It was declared in the very beginning that it was not good for man to be alone. A companion, or "helpmeet," was given him. The word meet means equal. Man and woman, together, were not to be alone. Together they constituted a fountain of life. While neither can generate life without the other, the mystery of life unfolds when these two become one.
From the very beginning the power to beget life was unlawful to express except there be a marriage between the man and the woman. Marriage is a covenant of lifelong fidelity and devotion which, by ordinance, may last for eternity.
The whole physical universe is organized in order that man and woman might fulfill the full measure of their creation. It is a perfect system where delicate balances and counter-balances govern the physical, the emotional, and the spiritual in mankind. ("A Tribute to Women," Ensign, July 1989, 73)
Gen. 2:21 the Lord God caused a deep sleep to fall upon Adam
Charles A. Callis
Dr. Crawford W. Long declared that it was while reading this very passage in Genesis that the idea of the anesthetic ether occurred to him. (Conference Report, October 1934, Third Day-Morning Meeting 104 - 105.)
Gen. 2:21-22 the Lord God...took one of his ribs, and... made he a woman
John A. Widtsoe
This statement was long and diligently interpreted, or misinterpreted, to mean that men had one rib fewer than women. It became a doctrine of the schools as well as of the church; and was taught for hundreds of years. It was, therefore, a shock to the people when Vesalius reported, from actual dissection, that men and women had the same number of ribs. In fact, the discovery cast considerable doubt upon Vesalius' theological orthodoxy!
The "rib" story is clearly a figure of speech, with a sound, reasonable meaning. Freed from false interpretation, it is a sensible statement, acceptable to thinking men. Every child born on earth is begotten by an earthly father. (An Understandable Religion [Independence, Mo.: Zion's Printing and Publishing Co., 1944], 134.)
Harold B. Lee
In defining the relationship of a wife to her husband, the late President George Albert Smith put it this way: "In showing this relationship, by a symbolic representation, God didn't say that woman was to be taken from a bone in the man's head that she should rule over him, nor from a bone in his foot that she should be trampled under his feet, but from a bone in his side to symbolize that she was to stand by his side, to be his companion, his equal, and his helpmeet in all their lives together."
I fear some husbands have interpreted erroneously the statement that the husband is to be the head of the house and that his wife is to obey the law of her husband. Brigham Young's instruction to husbands was this: "Let the husband and father learn to bend his will to the will of his God, and then instruct his wives and children in this lesson of self-government by his example as well as by his precept." (Discourses of Brigham Young, Deseret Book Co., 1925, pp. 306-307.)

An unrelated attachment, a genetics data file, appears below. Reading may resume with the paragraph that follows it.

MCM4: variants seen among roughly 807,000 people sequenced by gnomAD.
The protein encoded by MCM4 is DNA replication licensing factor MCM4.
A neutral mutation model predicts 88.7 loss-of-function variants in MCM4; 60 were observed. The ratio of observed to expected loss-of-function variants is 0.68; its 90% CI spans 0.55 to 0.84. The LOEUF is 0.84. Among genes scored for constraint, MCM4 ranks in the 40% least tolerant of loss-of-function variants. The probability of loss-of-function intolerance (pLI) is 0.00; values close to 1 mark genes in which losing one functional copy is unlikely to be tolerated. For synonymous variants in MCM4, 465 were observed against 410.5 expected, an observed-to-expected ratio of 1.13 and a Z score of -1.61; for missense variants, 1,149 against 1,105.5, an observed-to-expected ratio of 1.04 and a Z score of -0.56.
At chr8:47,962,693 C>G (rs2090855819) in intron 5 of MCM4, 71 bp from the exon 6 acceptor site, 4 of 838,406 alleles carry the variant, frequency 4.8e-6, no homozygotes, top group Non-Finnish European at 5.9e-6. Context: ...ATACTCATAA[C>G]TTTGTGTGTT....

This is but another way of saying that the wife is to obey the law of her husband only as he obeys the laws of God. No woman is expected to follow her husband in disobedience to the commandments of the Lord. (Ye Are the Light of the World: Selected Sermons and Writings of Harold B. Lee [Salt Lake City: Deseret Book, 1974], chap. 34)
Gen. 2:23 she shall be called Woman, because she was taken out of Man
Gerald N. Lund
"This [I know] now is bone of my bones, and flesh of my flesh; she shall be called Woman." What is he doing? He's naming the last of God's creations, the crowning creation, and what does he call her? Woman, "because she was taken out of man" (v. 23). In Hebrew, the meaning is "female man." Adam seems to be saying, "It's a female me, literally." (Selected Writings of Gerald N. Lund: Gospel Scholars Series [Salt Lake City: Deseret Book Co., 1999], 99.)
Gen. 2:24 Therefore shall a man leave his father and his mother
"Referring to this scripture, President Spencer W. Kimball commented, 'Do you note that? She, the woman, occupies the first place. She is preeminent, even above the parents who are so dear to all of us. Even the children must take their proper but significant place.
"'I have seen some women who give their children that spot, that preeminence, in their affection and crowd out the father. That is a serious mistake.' (Ensign, Mar. 1976, p. 72.)